How to travel safely in the car with your dog
Oh we love seeing wagging tails at the thought of a car journey. The excitement of a car adventure in their little eyes is just the best! But did you know that it is your responsibility to make sure that your dog is suitably restrained whilst driving?
According to Rule 57 of The Highway Code, it is the driver’s responsibility to:
“When in a vehicle make sure dogs or other animals are suitably restrained so they cannot distract you while you are driving or injure you, or themselves, if you stop quickly. A seat belt harness, pet carrier, dog cage or dog guard are ways of restraining animals in cars.”
Whilst breaching the Highway Code itself is not an offence, as this guidance is in place it is possible that you could be charged with dangerous driving or driving without due care and attention should you have an accident with an unrestrained dog in the car.
How should you transport your dog in the car?
There are 4 ways to safely transport your dog in a vehicle, meeting the Highway Code guidance. These are:
1. Use a travel harness – Whether your dog enjoys sitting up front or reclining in the back, a travel harness is a great way to keep them safe. Harnesses come in a wide range of sizes and styles and can either clip directly into a seatbelt buckle or you can buy an attachment to insert into the belt buckle which will clip around your dog’s regular harness (do not clip to your dog’s collar). Make sure there is enough slack for them to feel comfortable but enough so they can roam freely. We do offer a harness fitting service either in store or online should you need some help with this. You can also view our full range of harnesses here.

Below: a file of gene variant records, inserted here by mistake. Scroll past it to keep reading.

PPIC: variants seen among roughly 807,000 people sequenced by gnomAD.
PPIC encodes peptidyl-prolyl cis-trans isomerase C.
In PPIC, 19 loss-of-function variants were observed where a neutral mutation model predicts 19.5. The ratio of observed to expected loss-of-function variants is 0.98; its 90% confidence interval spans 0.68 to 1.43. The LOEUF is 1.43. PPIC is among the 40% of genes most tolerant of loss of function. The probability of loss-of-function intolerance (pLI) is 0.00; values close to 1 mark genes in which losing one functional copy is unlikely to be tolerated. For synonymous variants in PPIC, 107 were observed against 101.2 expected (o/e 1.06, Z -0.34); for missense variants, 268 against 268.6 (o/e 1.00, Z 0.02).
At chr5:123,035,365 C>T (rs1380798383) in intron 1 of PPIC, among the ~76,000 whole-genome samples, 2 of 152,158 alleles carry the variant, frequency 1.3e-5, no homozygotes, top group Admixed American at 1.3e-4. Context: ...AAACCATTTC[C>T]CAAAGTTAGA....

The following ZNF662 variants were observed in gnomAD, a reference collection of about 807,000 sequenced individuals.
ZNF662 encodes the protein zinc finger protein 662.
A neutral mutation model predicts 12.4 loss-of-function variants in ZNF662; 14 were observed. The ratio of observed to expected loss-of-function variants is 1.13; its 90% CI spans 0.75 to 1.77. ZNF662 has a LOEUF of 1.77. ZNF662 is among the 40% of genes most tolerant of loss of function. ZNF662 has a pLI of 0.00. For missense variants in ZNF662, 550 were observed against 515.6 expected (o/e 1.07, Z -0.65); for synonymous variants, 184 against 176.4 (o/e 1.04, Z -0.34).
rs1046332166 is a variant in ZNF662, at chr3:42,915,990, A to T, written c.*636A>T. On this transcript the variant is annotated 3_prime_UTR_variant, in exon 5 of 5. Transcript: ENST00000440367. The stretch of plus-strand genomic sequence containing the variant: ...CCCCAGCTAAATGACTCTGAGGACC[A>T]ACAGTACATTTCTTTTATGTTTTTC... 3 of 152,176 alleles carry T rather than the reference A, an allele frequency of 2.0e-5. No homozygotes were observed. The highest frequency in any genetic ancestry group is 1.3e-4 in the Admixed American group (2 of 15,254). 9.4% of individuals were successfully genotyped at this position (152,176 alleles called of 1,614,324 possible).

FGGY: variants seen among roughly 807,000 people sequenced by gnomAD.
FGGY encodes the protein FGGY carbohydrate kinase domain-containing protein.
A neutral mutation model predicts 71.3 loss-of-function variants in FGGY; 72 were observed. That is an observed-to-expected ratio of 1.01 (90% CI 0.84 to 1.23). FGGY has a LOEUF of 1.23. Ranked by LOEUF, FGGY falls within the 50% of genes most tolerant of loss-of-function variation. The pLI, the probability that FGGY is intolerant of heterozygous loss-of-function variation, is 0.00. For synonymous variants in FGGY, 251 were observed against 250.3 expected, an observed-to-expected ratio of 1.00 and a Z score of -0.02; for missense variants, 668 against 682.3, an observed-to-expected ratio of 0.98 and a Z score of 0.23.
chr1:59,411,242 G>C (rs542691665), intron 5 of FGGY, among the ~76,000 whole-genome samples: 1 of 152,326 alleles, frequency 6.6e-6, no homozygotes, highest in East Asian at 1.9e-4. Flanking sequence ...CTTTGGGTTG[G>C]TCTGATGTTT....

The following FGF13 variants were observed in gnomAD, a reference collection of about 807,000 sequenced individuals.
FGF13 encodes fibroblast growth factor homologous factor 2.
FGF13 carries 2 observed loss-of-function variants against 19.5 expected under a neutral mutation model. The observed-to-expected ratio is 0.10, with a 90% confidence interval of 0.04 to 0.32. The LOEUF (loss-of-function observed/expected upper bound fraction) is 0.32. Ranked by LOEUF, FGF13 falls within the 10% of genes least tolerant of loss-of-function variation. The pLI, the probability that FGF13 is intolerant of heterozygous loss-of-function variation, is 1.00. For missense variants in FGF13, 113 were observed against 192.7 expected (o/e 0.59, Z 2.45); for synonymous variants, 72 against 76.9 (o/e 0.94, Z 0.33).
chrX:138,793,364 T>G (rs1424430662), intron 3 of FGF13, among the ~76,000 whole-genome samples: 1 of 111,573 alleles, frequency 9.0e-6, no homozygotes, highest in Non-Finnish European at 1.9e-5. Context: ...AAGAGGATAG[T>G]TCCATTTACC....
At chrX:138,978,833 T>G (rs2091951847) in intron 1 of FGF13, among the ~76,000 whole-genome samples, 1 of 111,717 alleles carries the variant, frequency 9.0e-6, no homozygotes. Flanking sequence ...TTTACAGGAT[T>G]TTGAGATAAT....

2. Put them in a crate – Depending on the size of your dog, a metal crate might be your best option. These can be easily placed in the boot or secured to the back passenger seats.
3. Put them in carrier – If your dog is a smaller breed, a pet carrier might be more practical, especially if you are staying away from home as they are easier to pack and less cumbersome than a metal crate. Similarly, they can be secured to the back seat.
4. Boot Gate – Does your dog love to roam around in the boot whilst in the car? If so, a boot gate can safely keep them contained to that area, taking away the risk of them bouncing over to the back passenger seats. If you choose to use a boot gate, it is important to note that you should still use a harness or crate to secure your dog.
Top tips for your car journeys
Just before we sign off, we just wanted to give you a few tips when traveling with your dogs to make for a happier journey!
· Always carry water. Dogs can easily become dehydrated on longer journeys. Portable water bottles are a great solution.
· Use a window shade to help keep the car cool, especially in summer.
· Watch out for travel sickness and speak to your vet if necessary.
· Take your dog out in the car regularly. If your dog only goes in the car to go somewhere stressful like the vets, they won’t be a happy passenger. Take them to fun places too so that they learn to love the car.
· Make regular stops – Your dog will want to stretch their legs, get a drink and undoubtably go to the toilet.
· Invest in a waterproof car seat cover to keep those mucky paws off your upholstery.
Laura, Dolly & Reggie xxx